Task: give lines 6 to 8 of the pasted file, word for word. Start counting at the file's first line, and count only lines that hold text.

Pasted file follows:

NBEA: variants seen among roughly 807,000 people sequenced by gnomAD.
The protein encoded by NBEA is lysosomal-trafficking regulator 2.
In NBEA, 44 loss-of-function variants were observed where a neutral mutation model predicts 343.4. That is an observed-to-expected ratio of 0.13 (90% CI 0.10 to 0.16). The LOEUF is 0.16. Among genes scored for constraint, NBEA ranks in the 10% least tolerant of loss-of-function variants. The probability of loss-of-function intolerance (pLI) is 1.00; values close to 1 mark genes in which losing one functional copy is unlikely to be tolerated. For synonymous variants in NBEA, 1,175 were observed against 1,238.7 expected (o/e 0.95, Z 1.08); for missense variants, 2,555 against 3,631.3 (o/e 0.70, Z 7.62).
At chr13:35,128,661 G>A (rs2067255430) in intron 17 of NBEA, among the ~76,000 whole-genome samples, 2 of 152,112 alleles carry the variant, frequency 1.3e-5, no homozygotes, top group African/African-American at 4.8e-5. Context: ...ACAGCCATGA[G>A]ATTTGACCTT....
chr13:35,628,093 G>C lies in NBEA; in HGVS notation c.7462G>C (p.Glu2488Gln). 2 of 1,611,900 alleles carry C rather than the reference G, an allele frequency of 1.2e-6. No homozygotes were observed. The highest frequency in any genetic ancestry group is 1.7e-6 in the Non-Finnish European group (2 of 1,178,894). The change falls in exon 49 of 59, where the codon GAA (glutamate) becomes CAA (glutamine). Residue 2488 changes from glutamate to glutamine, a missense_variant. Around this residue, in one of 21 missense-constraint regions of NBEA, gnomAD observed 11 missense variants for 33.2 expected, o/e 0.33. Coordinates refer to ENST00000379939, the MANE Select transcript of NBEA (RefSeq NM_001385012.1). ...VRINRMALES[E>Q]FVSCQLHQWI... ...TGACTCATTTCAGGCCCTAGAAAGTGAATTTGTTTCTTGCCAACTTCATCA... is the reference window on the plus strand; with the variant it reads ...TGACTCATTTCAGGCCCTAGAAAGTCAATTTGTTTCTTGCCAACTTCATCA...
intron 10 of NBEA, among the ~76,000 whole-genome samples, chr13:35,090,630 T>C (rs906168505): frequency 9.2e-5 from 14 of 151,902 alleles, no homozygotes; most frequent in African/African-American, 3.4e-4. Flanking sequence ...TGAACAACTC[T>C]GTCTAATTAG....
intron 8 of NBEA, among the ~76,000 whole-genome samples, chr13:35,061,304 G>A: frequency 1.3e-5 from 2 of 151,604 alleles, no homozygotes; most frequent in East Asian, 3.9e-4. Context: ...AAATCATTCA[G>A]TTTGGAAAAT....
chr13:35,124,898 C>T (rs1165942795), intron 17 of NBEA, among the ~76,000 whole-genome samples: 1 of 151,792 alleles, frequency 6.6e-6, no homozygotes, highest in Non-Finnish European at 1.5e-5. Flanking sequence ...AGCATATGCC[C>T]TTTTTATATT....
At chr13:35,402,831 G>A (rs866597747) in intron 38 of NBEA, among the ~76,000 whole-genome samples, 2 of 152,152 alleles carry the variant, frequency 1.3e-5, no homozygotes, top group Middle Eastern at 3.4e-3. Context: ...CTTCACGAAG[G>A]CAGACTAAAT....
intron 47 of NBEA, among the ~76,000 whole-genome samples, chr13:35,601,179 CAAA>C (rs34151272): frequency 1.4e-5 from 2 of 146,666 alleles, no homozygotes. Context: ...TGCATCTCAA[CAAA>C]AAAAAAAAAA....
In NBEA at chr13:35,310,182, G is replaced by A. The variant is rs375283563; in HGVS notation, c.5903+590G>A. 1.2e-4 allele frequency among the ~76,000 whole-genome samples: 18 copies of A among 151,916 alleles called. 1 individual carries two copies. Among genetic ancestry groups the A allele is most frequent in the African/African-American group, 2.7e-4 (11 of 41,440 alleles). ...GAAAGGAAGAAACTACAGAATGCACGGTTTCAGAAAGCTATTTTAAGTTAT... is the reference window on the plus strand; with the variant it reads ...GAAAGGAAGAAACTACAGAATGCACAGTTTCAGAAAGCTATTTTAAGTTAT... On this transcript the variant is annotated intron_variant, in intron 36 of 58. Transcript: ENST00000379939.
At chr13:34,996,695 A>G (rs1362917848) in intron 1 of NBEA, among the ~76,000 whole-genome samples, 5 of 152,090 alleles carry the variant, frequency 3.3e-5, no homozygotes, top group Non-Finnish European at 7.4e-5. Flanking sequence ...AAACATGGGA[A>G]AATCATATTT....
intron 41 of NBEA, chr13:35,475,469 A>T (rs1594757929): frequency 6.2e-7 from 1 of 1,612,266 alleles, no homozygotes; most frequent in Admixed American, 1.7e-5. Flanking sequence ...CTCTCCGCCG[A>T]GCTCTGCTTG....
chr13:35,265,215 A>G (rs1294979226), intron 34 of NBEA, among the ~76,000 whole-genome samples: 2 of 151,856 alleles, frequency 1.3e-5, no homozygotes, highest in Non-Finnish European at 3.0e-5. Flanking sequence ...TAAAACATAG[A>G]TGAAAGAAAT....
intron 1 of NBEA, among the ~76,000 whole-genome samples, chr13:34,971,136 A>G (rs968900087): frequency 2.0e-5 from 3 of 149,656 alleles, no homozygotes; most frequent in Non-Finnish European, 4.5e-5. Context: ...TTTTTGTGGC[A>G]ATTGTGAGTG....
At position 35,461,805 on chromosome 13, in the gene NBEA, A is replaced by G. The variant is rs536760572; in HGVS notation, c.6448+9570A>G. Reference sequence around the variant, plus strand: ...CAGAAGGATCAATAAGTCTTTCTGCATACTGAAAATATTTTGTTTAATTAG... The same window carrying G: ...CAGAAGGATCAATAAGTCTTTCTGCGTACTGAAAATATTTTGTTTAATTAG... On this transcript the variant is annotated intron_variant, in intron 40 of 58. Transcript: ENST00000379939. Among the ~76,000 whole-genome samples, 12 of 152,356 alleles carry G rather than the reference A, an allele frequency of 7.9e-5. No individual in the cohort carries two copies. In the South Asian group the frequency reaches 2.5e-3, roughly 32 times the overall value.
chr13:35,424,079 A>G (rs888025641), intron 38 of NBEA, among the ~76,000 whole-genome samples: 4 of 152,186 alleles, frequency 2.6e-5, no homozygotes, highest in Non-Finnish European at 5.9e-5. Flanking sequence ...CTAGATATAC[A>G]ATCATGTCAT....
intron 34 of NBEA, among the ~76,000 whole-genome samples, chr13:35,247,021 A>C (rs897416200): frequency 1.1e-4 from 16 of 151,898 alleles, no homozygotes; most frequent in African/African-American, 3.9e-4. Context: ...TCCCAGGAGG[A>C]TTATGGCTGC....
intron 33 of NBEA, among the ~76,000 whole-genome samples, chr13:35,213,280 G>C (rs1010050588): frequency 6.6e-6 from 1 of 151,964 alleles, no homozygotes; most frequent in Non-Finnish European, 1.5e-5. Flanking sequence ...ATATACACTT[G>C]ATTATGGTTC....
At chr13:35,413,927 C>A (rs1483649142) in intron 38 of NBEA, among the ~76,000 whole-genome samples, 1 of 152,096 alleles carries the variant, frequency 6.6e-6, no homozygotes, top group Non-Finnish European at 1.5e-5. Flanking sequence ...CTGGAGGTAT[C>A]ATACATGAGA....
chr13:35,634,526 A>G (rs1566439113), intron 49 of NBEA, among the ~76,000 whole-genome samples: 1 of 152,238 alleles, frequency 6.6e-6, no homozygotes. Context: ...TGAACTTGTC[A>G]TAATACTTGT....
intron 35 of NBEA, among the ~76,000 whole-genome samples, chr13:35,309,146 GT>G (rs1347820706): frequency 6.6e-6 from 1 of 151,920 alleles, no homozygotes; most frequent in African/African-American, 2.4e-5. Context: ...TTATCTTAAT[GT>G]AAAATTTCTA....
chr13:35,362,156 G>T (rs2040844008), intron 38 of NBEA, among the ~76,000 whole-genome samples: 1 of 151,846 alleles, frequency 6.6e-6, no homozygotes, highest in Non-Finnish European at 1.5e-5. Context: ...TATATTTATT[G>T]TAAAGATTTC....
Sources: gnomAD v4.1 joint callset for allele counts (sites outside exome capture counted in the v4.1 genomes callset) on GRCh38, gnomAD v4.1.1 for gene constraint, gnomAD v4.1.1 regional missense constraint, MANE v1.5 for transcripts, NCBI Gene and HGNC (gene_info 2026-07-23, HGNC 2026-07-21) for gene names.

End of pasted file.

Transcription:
intron 10 of NBEA, among the ~76,000 whole-genome samples, chr13:35,090,630 T>C (rs906168505): frequency 9.2e-5 from 14 of 151,902 alleles, no homozygotes; most frequent in African/African-American, 3.4e-4. Flanking sequence ...TGAACAACTC[T>C]GTCTAATTAG....
intron 8 of NBEA, among the ~76,000 whole-genome samples, chr13:35,061,304 G>A: frequency 1.3e-5 from 2 of 151,604 alleles, no homozygotes; most frequent in East Asian, 3.9e-4. Context: ...AAATCATTCA[G>A]TTTGGAAAAT....
chr13:35,124,898 C>T (rs1165942795), intron 17 of NBEA, among the ~76,000 whole-genome samples: 1 of 151,792 alleles, frequency 6.6e-6, no homozygotes, highest in Non-Finnish European at 1.5e-5. Flanking sequence ...AGCATATGCC[C>T]TTTTTATATT....